MassMotion, The Colosseum and the Beijing National Stadium
MassMotion was recently used by the National Geographic Channel's Time Scanners to pit the Colosseum in Rome against one of the most iconic stadiums of modern times, the Beijing National Stadium, or ‘Bird’s Nest’.
The experiment focussed on both stadiums' ability to evacuate attendees in the quickest time possible, and importing a segment of each arena and populating it with MassMotion agents was the quickest and most accurate way to gather results.
The challenges faced by engineers nowadays are undoubtedly very different to those faced by the Romans; designs have to be structurally optimised, and design decisions are often made on build practicality, as well as safety. Modern stadiums must be adaptable to a wide array of events – sporting events require vastly different setups to exhibitions or music concerts, and the concourses must serve as retail and refreshment spaces, rather than being solely designed for egress.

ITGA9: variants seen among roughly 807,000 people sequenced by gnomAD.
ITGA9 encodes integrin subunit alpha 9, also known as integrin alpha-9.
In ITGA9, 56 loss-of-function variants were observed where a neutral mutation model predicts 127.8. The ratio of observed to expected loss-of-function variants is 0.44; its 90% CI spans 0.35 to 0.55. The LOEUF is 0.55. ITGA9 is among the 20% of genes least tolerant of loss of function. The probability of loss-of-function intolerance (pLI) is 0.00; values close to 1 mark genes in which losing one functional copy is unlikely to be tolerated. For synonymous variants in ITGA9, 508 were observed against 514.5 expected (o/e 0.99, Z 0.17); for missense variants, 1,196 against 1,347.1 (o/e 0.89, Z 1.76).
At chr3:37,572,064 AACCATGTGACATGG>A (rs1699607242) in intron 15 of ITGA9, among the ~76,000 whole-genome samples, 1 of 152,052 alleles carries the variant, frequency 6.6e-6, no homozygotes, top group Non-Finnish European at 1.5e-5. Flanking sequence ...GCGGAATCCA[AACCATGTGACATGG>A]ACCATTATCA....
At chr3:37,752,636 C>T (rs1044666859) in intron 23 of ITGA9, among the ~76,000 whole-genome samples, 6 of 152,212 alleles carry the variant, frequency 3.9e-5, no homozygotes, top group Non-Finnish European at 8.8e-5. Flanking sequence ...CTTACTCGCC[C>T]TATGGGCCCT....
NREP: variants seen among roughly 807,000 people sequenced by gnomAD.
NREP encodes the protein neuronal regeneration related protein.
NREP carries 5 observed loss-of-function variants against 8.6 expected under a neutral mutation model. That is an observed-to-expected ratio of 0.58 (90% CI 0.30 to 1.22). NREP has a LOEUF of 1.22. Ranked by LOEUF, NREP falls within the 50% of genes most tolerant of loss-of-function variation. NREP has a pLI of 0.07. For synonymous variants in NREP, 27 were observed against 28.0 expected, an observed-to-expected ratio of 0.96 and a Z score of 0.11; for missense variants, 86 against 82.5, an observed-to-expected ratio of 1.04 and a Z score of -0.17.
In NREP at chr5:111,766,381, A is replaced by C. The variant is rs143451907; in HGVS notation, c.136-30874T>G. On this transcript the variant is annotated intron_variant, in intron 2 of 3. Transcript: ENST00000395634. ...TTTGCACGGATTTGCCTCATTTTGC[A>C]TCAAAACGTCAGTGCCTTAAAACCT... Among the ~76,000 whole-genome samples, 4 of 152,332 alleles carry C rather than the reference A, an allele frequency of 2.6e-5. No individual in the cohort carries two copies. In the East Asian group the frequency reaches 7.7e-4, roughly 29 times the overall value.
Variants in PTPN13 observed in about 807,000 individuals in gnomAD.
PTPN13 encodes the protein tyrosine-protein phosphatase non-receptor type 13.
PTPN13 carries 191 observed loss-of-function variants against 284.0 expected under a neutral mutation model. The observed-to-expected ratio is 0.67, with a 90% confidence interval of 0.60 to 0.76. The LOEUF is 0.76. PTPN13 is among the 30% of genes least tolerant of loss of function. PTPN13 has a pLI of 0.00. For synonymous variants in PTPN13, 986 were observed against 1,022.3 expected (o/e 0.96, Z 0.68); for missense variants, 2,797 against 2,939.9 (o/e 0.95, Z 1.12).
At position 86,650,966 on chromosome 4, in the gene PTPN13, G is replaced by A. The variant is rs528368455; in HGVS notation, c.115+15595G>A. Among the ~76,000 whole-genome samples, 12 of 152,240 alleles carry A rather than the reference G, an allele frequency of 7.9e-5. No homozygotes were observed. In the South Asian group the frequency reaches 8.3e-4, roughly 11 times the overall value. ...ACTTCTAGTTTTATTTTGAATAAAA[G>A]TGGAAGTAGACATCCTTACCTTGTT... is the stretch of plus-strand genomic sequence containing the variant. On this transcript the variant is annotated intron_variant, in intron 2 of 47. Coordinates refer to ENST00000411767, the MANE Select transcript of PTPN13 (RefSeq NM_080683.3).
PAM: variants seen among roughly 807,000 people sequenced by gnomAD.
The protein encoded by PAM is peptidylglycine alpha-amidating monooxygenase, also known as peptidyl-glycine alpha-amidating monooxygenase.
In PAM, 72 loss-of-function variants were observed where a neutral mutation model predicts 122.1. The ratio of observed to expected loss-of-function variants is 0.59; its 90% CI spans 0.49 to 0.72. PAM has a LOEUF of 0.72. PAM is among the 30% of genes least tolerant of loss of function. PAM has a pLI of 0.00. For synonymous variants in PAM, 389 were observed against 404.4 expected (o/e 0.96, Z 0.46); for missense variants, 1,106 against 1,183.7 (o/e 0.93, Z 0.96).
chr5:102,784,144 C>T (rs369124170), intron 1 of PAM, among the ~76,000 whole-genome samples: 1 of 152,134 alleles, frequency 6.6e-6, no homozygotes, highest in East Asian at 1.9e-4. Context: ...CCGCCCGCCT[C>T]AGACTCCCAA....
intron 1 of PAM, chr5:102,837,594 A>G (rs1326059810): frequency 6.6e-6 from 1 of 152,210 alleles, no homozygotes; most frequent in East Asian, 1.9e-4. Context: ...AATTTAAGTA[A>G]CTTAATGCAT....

Modern stadiums are also limited by the physical space available for the structure; in prime city-centre locations, pre-existing buildings and geographical factors limit what engineers can do, and also play a large part in determining accessibility and evacuation measures. Thankfully, MassMotion enables crowd simulation to take place at every stage of design, planning and construction, to work within these strict parameters and produce a structure that fulfils all of its goals.
The results of the Colosseum v. Bird’s Nest experiment were somewhat surprising. Both stadiums saw the crowds leave in a comparable time, with mere seconds to separate them. It’s certainly a testament to Roman engineering that they were able to design a stadium that evacuates as efficiently as one built nearly 2,000 years later.